|Location||Matsumoto, Nagano, Japan|
|Founded||mid 3rd to early 4th century AD|
The Kōbōyama Kofun (弘法山古墳) is a large kofun burial mound located in the Nakayama neighborhood of the city of Matsumoto, Nagano in the Chūbu region of Japan. The site was designated a National Historic Site of Japan in 1976.
The Kōbōyama Kofun is located at an elevation of 650 meters on the northern end of a hill named "Kōbōyama", to the south of the urban center of Matsumoto city. It is a "two conjoined rectangles" type tumulus (zenpō-kōhō-fun (前方後方墳)) and is aligned northwest along the ridgeline of the hill. The tumulus has a total length of 66 meters, with a posterior portion 33 meters square by six meters high, and an anterior front portion 22 meters square by two meters high. The presence of some fukiishi has been discovered, but there is no trace of any haniwa or a moat. The tomb is estimated to date from the middle of the 3rd century to the middle of the 4th century AD. 
It was long known that there was an ancient tumulus at this location, and during World War II, an anti-aircraft battery was installed on its summit. However, it attracted little scholarly attention after the war, and it was assumed to be of little importance. When the Matsusho Gakuen school acquired the property in 1974 and started the construction of a new school building, the true shape and size of the tumulus was first realized, and its dating to the 3rd century, or early Kofun period, made it one of the oldest keyhole-shaped tombs in eastern Japan.
The tomb was excavated in 1974, during which a gravel pit burial chamber. The burial chamber was orthogonal to the main axis of the mound. Its internal dimensions were 5.5 meters long by 1.3 meters wide and 0.9 meters high. It was unusual in that its inner walls and floor were made of stacked river stones instead of cut-and-dressed stone. In the center was the remnants of a box-shaped wooden sarcophagus. Grave goods included a Chinese-made bronze mirror, three iron swords, a copper sheet, 738 small glass balls, magatama, an iron cauldron, 24 iron spearheads, and a large jug with an S-shaped mouth and many pottery shards. Many of these artifacts are now on display at the Matsumoto Municipal Archaeological Museum (松本市立考古博物館, Matsumoto-shiritsu Kōko Hakubutsukan).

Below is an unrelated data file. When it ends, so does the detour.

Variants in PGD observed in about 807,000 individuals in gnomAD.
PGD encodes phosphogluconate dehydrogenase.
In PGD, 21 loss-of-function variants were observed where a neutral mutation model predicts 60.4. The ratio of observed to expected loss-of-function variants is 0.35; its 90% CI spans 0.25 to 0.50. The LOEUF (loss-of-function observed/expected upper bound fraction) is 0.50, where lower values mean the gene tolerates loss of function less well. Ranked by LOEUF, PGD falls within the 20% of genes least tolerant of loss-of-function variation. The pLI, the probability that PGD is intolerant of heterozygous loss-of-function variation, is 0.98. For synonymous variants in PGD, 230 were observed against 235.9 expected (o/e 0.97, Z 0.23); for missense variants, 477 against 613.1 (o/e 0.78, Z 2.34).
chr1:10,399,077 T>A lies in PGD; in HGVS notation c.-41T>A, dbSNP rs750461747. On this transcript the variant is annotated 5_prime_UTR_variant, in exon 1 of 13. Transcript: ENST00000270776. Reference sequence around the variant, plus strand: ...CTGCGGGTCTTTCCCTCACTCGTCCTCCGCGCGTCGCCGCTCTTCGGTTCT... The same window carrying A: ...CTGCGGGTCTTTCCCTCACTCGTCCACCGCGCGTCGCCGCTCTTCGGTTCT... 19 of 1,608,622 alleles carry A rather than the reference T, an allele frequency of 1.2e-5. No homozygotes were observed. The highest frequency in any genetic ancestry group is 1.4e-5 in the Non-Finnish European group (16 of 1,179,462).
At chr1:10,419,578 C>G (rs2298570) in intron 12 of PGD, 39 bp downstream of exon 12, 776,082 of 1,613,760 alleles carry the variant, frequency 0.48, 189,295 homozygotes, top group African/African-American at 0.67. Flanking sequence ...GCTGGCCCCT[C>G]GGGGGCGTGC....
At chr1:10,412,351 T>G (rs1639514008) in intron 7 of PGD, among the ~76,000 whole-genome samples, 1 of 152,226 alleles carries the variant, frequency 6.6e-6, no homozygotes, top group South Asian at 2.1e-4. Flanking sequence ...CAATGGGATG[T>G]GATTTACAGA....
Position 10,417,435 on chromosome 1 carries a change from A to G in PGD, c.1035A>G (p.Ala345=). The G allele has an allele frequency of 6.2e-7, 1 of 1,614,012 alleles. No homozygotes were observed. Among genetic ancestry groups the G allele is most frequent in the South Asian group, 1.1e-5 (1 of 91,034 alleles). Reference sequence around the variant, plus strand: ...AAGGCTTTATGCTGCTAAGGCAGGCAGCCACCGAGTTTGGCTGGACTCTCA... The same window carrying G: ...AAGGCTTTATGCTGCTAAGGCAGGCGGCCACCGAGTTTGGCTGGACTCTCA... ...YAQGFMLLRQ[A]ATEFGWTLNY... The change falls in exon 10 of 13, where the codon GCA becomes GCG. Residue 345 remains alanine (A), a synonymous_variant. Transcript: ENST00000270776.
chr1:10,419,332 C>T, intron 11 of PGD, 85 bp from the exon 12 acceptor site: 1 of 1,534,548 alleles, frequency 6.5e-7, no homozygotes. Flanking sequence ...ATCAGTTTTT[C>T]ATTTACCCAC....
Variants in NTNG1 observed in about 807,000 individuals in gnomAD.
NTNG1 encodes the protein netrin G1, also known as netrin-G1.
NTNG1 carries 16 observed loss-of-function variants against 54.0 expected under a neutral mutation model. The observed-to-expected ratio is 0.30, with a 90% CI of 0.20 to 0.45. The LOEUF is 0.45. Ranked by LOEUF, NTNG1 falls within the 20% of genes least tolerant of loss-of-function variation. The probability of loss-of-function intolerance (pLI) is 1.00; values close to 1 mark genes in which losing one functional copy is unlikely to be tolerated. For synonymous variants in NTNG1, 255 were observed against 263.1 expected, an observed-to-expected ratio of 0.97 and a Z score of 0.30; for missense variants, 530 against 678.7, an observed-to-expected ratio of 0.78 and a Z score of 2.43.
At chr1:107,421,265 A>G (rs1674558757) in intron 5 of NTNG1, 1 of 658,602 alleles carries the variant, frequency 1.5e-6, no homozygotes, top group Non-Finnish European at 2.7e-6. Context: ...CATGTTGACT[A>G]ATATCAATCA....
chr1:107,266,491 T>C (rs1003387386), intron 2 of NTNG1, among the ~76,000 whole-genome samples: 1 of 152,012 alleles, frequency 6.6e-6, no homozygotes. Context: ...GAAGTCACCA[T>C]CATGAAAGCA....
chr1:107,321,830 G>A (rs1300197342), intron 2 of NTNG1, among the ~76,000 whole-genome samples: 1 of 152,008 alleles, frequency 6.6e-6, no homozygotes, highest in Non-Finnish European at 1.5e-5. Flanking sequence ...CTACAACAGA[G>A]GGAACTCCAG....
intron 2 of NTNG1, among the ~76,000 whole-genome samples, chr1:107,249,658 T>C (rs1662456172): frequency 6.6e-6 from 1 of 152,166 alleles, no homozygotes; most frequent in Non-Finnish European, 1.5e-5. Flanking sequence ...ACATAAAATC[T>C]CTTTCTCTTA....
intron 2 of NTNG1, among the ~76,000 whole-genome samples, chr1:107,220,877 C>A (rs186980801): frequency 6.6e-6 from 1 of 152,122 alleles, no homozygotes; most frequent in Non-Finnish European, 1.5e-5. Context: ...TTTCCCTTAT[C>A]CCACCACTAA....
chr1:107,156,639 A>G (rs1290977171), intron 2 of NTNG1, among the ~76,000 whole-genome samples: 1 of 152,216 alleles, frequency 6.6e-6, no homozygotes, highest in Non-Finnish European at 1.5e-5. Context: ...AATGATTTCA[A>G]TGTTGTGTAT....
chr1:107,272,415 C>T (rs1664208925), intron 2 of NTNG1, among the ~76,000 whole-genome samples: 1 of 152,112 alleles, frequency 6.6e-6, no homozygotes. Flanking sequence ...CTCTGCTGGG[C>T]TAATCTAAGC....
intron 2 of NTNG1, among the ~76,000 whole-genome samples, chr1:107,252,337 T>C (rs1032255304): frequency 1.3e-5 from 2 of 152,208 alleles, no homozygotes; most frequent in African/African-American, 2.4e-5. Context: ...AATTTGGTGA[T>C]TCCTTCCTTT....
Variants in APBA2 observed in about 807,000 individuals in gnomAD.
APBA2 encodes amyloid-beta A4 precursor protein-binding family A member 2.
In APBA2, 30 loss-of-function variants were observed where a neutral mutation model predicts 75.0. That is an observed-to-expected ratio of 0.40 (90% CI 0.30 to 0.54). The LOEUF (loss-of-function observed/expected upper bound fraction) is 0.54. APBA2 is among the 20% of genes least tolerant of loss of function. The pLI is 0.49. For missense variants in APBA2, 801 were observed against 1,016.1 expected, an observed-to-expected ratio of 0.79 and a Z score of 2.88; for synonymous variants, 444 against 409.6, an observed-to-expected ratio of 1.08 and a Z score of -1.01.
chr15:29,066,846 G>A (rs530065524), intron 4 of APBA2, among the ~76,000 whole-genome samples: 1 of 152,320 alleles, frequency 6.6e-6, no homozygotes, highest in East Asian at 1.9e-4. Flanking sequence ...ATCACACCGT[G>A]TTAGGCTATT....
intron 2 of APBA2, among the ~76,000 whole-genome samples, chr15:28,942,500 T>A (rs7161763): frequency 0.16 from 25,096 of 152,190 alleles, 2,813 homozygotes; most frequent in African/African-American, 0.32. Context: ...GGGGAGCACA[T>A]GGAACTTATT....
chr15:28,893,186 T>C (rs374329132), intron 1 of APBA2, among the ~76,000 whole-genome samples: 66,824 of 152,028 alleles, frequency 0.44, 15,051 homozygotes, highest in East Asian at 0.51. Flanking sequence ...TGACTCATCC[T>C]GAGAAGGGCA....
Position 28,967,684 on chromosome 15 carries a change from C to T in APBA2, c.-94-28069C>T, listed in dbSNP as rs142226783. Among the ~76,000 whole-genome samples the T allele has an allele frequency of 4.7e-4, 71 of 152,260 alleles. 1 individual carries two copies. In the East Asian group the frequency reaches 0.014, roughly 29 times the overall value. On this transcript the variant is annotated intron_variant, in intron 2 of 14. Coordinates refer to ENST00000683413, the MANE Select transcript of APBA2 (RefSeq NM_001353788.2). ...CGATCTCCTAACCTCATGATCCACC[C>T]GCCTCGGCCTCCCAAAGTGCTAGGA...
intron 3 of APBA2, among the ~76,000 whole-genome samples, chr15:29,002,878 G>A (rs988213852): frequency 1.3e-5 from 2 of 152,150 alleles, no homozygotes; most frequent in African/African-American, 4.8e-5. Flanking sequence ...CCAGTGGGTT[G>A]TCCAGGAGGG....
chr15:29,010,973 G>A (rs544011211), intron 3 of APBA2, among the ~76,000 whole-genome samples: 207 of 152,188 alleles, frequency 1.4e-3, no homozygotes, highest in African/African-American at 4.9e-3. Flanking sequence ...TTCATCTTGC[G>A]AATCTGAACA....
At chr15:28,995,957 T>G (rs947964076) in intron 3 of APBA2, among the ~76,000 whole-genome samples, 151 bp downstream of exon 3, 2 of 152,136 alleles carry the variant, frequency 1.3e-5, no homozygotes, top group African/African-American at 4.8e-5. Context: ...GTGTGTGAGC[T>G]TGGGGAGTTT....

The identity of the inhabitant of the tomb is unknown, but its style is similar to tombs found in the late Yayoi period in either western Japan, or the Nōbi Plain area of Tōkai region of Japan, both areas of which mentioned as one of the kingdoms of the Wa in the Chinese Records of the Three Kingdoms as rivals to the power of the Kingdom of Yamatai. It is also theorized that this is the tomb of one of the Suwa Kuni no miyatsuko, local kings of the region who are the ancestors of the Suwa clan.
The view from the tumulus extends to the Hida Mountains in the distance, and around the base of the hill on which the tumulus was constructed, the remains of 70 hectares of Kofun-period paddy fields to the north and 40 hectares to the east have been found. The kofun and its surroundings now have been planted with over 2000 Yoshino sakura trees, and are a popular flower-viewing spot within Matsumoto city. It is approximately 15 minutes on foot from Matsumoto Station.
- Matsumoto city tourist information official site (in Japanese)
- Cultural properties of Matsumoto city(in Japanese)